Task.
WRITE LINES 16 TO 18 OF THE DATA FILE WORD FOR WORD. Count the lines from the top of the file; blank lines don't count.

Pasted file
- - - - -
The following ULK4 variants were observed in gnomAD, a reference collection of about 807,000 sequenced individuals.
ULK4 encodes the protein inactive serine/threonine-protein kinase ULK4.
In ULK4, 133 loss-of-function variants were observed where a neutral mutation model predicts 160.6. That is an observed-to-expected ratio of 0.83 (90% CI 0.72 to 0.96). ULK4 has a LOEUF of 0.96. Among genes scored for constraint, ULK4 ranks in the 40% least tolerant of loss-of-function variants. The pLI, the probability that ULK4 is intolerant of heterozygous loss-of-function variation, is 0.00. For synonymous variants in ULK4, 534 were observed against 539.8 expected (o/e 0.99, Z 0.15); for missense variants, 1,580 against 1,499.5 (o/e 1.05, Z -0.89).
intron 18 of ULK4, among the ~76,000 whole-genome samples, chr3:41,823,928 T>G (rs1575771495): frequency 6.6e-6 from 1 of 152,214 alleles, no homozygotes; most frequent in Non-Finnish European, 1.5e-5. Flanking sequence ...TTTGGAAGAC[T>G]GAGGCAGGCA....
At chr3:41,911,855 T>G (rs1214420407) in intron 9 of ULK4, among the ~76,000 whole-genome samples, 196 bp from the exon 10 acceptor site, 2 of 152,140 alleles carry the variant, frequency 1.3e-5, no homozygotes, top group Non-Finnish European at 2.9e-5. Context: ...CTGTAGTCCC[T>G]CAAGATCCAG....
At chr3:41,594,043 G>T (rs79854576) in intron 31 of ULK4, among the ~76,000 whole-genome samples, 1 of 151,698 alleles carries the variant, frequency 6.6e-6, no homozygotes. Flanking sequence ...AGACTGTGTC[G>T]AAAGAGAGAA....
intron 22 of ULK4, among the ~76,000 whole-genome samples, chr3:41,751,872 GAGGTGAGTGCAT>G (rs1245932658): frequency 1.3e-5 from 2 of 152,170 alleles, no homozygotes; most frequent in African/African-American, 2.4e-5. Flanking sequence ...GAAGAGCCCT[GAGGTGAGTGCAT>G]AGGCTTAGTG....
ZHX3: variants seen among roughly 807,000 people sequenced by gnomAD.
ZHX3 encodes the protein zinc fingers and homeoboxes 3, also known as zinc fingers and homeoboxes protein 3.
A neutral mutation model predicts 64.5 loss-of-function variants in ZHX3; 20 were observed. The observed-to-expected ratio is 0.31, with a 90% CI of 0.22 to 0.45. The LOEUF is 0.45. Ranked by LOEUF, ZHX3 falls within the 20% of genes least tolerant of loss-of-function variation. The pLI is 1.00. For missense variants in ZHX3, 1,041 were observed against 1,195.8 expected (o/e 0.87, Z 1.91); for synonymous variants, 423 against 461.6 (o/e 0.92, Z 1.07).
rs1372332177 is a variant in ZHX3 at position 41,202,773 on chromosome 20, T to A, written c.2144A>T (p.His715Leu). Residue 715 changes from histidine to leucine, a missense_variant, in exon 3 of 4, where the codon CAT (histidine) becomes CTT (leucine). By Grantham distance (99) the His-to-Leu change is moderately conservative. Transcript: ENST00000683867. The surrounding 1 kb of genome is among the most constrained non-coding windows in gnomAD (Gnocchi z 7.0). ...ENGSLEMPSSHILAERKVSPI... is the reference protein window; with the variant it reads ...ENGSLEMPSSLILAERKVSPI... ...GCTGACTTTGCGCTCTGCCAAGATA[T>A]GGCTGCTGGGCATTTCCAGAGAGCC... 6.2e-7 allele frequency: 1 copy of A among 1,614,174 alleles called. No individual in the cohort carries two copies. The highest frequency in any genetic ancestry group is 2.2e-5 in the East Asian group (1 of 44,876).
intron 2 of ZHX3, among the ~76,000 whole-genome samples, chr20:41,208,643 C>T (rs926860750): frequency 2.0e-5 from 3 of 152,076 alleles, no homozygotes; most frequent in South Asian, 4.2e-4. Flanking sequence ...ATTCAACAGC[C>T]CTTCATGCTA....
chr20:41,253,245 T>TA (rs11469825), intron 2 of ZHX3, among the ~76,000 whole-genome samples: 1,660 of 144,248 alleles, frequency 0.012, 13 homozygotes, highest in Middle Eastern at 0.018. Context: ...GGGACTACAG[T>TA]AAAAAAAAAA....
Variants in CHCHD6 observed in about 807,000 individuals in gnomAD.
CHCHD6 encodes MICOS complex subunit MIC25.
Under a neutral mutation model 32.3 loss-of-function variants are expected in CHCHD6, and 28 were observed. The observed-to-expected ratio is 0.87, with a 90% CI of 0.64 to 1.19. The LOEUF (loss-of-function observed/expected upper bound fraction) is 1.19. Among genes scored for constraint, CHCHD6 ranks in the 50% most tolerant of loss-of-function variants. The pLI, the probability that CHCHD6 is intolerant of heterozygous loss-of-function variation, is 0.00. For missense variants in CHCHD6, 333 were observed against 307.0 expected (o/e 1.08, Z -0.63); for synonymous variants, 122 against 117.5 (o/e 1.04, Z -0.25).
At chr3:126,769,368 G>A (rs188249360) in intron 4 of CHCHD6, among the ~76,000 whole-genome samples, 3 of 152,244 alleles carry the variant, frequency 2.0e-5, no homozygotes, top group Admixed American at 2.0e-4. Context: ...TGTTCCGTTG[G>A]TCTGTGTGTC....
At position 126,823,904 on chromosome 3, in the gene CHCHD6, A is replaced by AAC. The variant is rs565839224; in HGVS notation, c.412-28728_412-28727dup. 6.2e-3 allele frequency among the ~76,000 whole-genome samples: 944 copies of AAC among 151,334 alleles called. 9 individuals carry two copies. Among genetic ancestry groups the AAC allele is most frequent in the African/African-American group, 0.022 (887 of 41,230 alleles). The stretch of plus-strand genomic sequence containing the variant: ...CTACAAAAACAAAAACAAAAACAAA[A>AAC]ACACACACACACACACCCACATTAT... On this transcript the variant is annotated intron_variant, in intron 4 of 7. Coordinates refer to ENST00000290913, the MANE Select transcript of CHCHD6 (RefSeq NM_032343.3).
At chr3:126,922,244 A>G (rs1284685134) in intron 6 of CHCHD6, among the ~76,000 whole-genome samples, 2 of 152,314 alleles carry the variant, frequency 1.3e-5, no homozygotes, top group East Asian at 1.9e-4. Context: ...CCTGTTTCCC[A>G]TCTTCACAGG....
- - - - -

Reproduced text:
Under a neutral mutation model 32.3 loss-of-function variants are expected in CHCHD6, and 28 were observed. The observed-to-expected ratio is 0.87, with a 90% CI of 0.64 to 1.19. The LOEUF (loss-of-function observed/expected upper bound fraction) is 1.19. Among genes scored for constraint, CHCHD6 ranks in the 50% most tolerant of loss-of-function variants. The pLI, the probability that CHCHD6 is intolerant of heterozygous loss-of-function variation, is 0.00. For missense variants in CHCHD6, 333 were observed against 307.0 expected (o/e 1.08, Z -0.63); for synonymous variants, 122 against 117.5 (o/e 1.04, Z -0.25).
At chr3:126,769,368 G>A (rs188249360) in intron 4 of CHCHD6, among the ~76,000 whole-genome samples, 3 of 152,244 alleles carry the variant, frequency 2.0e-5, no homozygotes, top group Admixed American at 2.0e-4. Context: ...TGTTCCGTTG[G>A]TCTGTGTGTC....
At position 126,823,904 on chromosome 3, in the gene CHCHD6, A is replaced by AAC. The variant is rs565839224; in HGVS notation, c.412-28728_412-28727dup. 6.2e-3 allele frequency among the ~76,000 whole-genome samples: 944 copies of AAC among 151,334 alleles called. 9 individuals carry two copies. Among genetic ancestry groups the AAC allele is most frequent in the African/African-American group, 0.022 (887 of 41,230 alleles). The stretch of plus-strand genomic sequence containing the variant: ...CTACAAAAACAAAAACAAAAACAAA[A>AAC]ACACACACACACACACCCACATTAT... On this transcript the variant is annotated intron_variant, in intron 4 of 7. Coordinates refer to ENST00000290913, the MANE Select transcript of CHCHD6 (RefSeq NM_032343.3).